Save the eye-rolls, I’m not yelling bahumbug during the holiday season. I genuinely think that Krampus, directed by Michael Dougherty – who is also the director of my favorite Halloween movie, Trick r’ Treat – is the best Christmas movie out there. As a horror movie, it is for the more mature in the audience, but the fact the main characters are mostly spoiled children and their even more spoiled parents makes the takeaway lesson a must for the holiday season.
If you haven’t seen the film, Krampus, is a dark horror comedy that has enough whimsical elements for the month of December. The film is centered around the Engel family, a dysfunctional family that has come together for Christmas, three-days before, but have completely lost sight of what family and the holiday season means. Our main character Max is the sole bastion of Christmas in a horrible family and intends to send a letter to Santa Claus.
But when his cousins mock him for his letter and the rest of his family is divided over petty squabbles, the Engel family loses all of their Christmas spirit. And when it’s gone, that’s when Krampus and his help come — including a murderous jack-in-the-box, gingerbread men with a bloodlust, and snow elves — to punish the Engels.
So why is this a great Christmas movie? It’s a campy horror movie that stars some great character actors like Adam Scott and David Koechner and even a now horror great Toni Collette. It shows some pretty creative kills and the visuals of Krampus are top-notch.
But what seals the deal for Krampus being the best Christmas movie is that the Christmas spirit is always at the center. When a creepy jack-in-the-box is eating a kid, or things in the snow are stealing your children, it’s all about the reason for the season, but in a way that can win over both camps of Christmas folks. In my opinion, whether you hate Christmas or love it, the movie has something for you, and it’s the same thing.
For those who hate Christmas
Right from the opening, Krampus shows you that it will be highlighting the worst pieces of the holiday spirit. Set to Christmas staple “It’s Beginning to Look a lot Like Christmas,” we see a Black Friday doorbuster sale. Equipped with fighting parents, crying children, some trampling, and violent security guards, it’s a hilariously sets the tone for the movie. Slowed down, we’re introduced the youngest Engel child and our protagonist, Max, fighting another kid in the center of Mucho Mart while participating in the Nativity play.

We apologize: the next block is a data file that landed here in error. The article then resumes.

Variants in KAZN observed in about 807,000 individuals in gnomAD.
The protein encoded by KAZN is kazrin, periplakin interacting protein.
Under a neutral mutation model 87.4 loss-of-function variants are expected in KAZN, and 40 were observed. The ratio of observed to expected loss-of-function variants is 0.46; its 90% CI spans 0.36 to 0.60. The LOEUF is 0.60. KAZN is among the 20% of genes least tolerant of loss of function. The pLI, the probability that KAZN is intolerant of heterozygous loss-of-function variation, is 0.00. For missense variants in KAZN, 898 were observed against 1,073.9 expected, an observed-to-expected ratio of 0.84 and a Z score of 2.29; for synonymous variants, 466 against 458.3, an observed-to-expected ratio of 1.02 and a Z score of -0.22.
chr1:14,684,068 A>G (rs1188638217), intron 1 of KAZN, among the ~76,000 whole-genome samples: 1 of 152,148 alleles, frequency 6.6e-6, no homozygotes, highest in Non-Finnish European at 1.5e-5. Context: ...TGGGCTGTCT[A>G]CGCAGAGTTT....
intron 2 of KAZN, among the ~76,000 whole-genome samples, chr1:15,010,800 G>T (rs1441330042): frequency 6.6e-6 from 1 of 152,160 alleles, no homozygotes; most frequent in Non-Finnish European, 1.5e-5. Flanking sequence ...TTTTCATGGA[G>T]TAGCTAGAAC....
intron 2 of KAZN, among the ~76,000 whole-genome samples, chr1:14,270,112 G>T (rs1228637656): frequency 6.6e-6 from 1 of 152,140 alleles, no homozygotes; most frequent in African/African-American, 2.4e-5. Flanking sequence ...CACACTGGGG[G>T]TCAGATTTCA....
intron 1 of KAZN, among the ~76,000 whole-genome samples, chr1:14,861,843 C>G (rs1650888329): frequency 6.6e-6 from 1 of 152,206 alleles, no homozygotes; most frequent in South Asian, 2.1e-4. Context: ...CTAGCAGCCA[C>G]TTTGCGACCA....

As we meet the family, extended family, and witness fight after jealous fight, you start to think, Christmas really sucks. And for some of us, it does. For some of us, the season of giving has long been a season of taking that involves pretending to like a terrible part of your extended family because Santa Claus is coming to town.
But in this movie, it isn’t Santa, but Krampus who comes to Engel family and as a viewer who is just frustrated with the experience of the holidays, seeing this horrible family get their just desserts in Christmas-appropriate ways it’s cathartic.
Who wouldn’t want their awful cousin swallowed whole by a jack-in-the-box? How about the racist and homophobic aunt and uncle who are terrible parents? Like Max, we’ve all probably wished that something would happen to make our relatives just be nice for one day on Christmas. When Krampus answers the call and things go wrong, it’s up to the Engels to stay alive but as Max and his grandma show, it’s really about getting that Christmas spirit back.
For those who love Christmas
On the other side of the fence, we have the people who love Christmas. Some people love the foods, the family, the gift giving, the tree, the lights, everything about it! And for those people who are in filled with the Christmas spirit, Krampus stands as a testament that there is another side to the holiday.
The Engels are the way they are because they’ve let material items mean more to them than family. By the end of the movie we see the family as happy, Christmasy, and a complete 180-degrees away from where they began. If only the family had listened to Max from the beginning, they wouldn’t be trapped in a snow globe at the end. For the fans of the holiday that I speak to about this movie, they are almost always excited to tell me that the haters of Christmas cheer should listen to the merry friends.
At the end of the day, Krampus has something for everyone this holiday season. By pointing out the flaws of celebrating Christmas, it highlights the good things about the holidays that we take for granted or even avoid altogether. Even the well-meaning Engels get too wrapped up in their own lives and needs to remember what the season is about.
Now, I might not have changed your mind about your favorite Christmas movie, but Krampus is filled with the spirit of Christmas more so than holiday staples like A Christmas Story and of The Christmas [insert royalty descriptor]. Even if the Engels have lost that spirit they Krampus ensures that they never will again.